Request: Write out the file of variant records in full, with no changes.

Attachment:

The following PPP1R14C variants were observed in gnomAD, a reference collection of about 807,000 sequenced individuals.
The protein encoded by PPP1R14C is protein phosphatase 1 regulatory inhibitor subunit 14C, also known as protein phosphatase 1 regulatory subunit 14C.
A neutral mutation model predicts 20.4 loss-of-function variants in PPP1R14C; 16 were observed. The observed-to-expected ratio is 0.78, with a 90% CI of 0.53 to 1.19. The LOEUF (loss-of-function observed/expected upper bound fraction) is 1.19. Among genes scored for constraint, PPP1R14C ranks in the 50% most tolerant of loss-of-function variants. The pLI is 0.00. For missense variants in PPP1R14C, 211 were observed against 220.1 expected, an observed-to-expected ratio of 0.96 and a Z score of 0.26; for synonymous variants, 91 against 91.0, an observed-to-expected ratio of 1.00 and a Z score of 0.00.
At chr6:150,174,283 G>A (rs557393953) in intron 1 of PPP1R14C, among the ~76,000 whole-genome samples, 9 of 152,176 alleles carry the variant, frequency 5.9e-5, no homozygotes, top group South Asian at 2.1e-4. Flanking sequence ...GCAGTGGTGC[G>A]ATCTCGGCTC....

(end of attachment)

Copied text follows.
The following PPP1R14C variants were observed in gnomAD, a reference collection of about 807,000 sequenced individuals.
The protein encoded by PPP1R14C is protein phosphatase 1 regulatory inhibitor subunit 14C, also known as protein phosphatase 1 regulatory subunit 14C.
A neutral mutation model predicts 20.4 loss-of-function variants in PPP1R14C; 16 were observed. The observed-to-expected ratio is 0.78, with a 90% CI of 0.53 to 1.19. The LOEUF (loss-of-function observed/expected upper bound fraction) is 1.19. Among genes scored for constraint, PPP1R14C ranks in the 50% most tolerant of loss-of-function variants. The pLI is 0.00. For missense variants in PPP1R14C, 211 were observed against 220.1 expected, an observed-to-expected ratio of 0.96 and a Z score of 0.26; for synonymous variants, 91 against 91.0, an observed-to-expected ratio of 1.00 and a Z score of 0.00.
At chr6:150,174,283 G>A (rs557393953) in intron 1 of PPP1R14C, among the ~76,000 whole-genome samples, 9 of 152,176 alleles carry the variant, frequency 5.9e-5, no homozygotes, top group South Asian at 2.1e-4. Flanking sequence ...GCAGTGGTGC[G>A]ATCTCGGCTC....